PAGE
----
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Grubhub sued by DC attorney general, alleging hidden fees and 'bait-and-switch' tactics

Claims against the food delivery service include failing to disclose when it charges higher prices than restaurants and impersonating local eateries, Racine alleged.

WASHINGTON — (Editor's Note: the video above is from May 5, 2020)

D.C. Attorney General Karl Racine is suing Grubhub for allegedly fooling District residents, he said in a Monday tweet, linking to the official complaint.

"Grubhub charges hidden fees and uses bait-and-switch tactics, all while pretending to help local businesses during the pandemic," Racine said. "This needs to stop." 

The attorney general went on to tweet an overview of the allegations against Grubhub covered in his lawsuit, which include:

  1. Failing to disclose when they charge higher prices than restaurants
  2. Impersonating local restaurants to get more business 
  3. Advertising “free” services that aren’t actually free

"I feel like most of the delivery services are predatory in the restaurant community," said Peter Opare chef and owner of Open Crumb in downtown Anacostia, "They take too much to the value of the add to the business. GrubHub has to figure out a way not to take 30% and find a business model that actually works for everyone."

D.C. resident Kenneth Stallings expressed frustration with what he felt were misleading advertisements. 

"A lot of times we’re thinking we’re supporting the restaurant where we’re buying food and making purchases now to realize the third party is making the money," Stallings said. 

AG Racine also expressed ire with a specific discount the delivery service advertised during the pandemic. 

"In one of Grubhub’s most shameless moves, at the beginning of the pandemic, it ran a discount called 'Supper for Support,' ginning up business by claiming to help struggling restaurants, and then stuck restaurants with the bill," Racine tweeted.

WUSA9 reached out to Grubhub for comment, and received the following statement from a spokesperson: 

“We work hard to support DC restaurants and diners, and we continually review and enhance our operations to better serve them and meet their expectations. During the past year, we've sought to engage in a constructive dialogue with the DC Attorney General’s office to help them understand our business and to see if there were any areas for improvement. We are disappointed they have moved forward with this lawsuit because our practices have always complied with DC law, and in any event, many of the practices at issue have been discontinued."

In its email to WUSA9, Grubhub went on to explain how it responded to each of the eight claims made by the attorney general. According to Grubhub, they have discontinued three of the policies Racine takes issue with, including the "Supper for Support" promotion, listing restaurants on its website that it didn't have a partnership with and creating "microsites for affiliated restaurants." 

The spokesperson alleged that Grubhub had "appropriately disclosed" five other claims made in the lawsuit.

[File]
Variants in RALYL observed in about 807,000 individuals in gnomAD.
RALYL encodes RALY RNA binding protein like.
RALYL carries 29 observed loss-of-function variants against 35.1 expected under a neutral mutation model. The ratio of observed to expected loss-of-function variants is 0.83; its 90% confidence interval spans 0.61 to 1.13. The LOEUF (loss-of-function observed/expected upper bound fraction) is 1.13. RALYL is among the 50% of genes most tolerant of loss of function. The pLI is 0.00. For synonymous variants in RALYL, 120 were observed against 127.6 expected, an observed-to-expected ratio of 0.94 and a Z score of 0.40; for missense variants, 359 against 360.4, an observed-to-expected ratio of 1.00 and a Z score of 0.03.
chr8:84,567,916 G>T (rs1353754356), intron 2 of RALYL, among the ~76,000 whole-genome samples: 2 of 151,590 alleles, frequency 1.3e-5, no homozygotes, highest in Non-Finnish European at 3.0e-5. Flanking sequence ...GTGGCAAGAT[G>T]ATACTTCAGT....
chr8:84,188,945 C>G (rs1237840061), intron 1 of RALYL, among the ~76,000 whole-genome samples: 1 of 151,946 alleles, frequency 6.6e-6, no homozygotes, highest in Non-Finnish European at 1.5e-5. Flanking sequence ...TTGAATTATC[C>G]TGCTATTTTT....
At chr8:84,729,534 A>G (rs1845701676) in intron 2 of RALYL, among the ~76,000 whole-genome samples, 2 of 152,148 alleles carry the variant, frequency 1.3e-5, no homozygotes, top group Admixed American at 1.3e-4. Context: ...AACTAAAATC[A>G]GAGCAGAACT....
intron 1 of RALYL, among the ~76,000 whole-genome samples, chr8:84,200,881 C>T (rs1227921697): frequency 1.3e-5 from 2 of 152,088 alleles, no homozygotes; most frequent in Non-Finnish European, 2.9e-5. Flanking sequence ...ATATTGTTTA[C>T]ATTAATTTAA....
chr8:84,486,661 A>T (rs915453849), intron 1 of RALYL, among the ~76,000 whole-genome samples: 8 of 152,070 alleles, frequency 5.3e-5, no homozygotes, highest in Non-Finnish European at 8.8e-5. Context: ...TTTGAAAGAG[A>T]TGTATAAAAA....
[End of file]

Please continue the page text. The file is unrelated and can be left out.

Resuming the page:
"We will aggressively defend our business in court and look forward to continuing to serve DC restaurants and diners," a Grubhub spokesperson said to WUSA9.

The food delivery company was founded in 2004 and has since surged in popularity, featuring more than 300,000 restaurant partners in over 4,000 U.S. cities, according to its website. In D.C. alone, Grubhub partners with just under 1,500 eateries. 

The strain on restaurants during the ongoing COVID-19 pandemic brought to light concerns regarding the transparency of delivery apps.

In June 2021, Racine and Pennsylvania's attorney general collaborated to make delivery service UberEats more transparent in providing new in-app disclosures about prices.

“Food delivery apps provide convenience, safety, and ease for so many consumers – especially during the pandemic,” said Racine in a release at the time. “As more and more consumers use apps like UberEats, it’s critical that these companies are transparent about their pricing and the fact that getting food directly from a restaurant is often cheaper."

RELATED: DC Attorney General calls for more transparency in food delivery app pricing

In 2020, Racine announced a settlement with another food delivery service, DoorDash, requiring it to pay $2.5 million to resolve allegations that it misled D.C. consumers and used tips left for workers to boost the company’s bottom line.

Also in 2020, D.C. lawmakers decided to cap the commission fees of third-party delivery companies to 15% on the purchase price of delivery and pickup orders. However, the cap was temporary, only to be in effect while the city was under an emergency order.

Grubhub submitted testimony for D.C. Council to consider prior to its vote, which was shared with WUSA9 beforehand. The testimony argued the company’s services keep small and independent restaurants from having to increase their costs.

UberEats also expressed displeasure at the council's consideration. 

"Regulating the commissions that fund our marketplace — particularly during these unprecedented times — would force us to alter the way we do business, set a far-reaching precedent in a highly competitive market, and could ultimately hurt those that we’re trying to help the most: customers, small businesses and delivery people,” the company said in a statement at the time.

RELATED: DC Council to consider capping commission fees of food delivery companies

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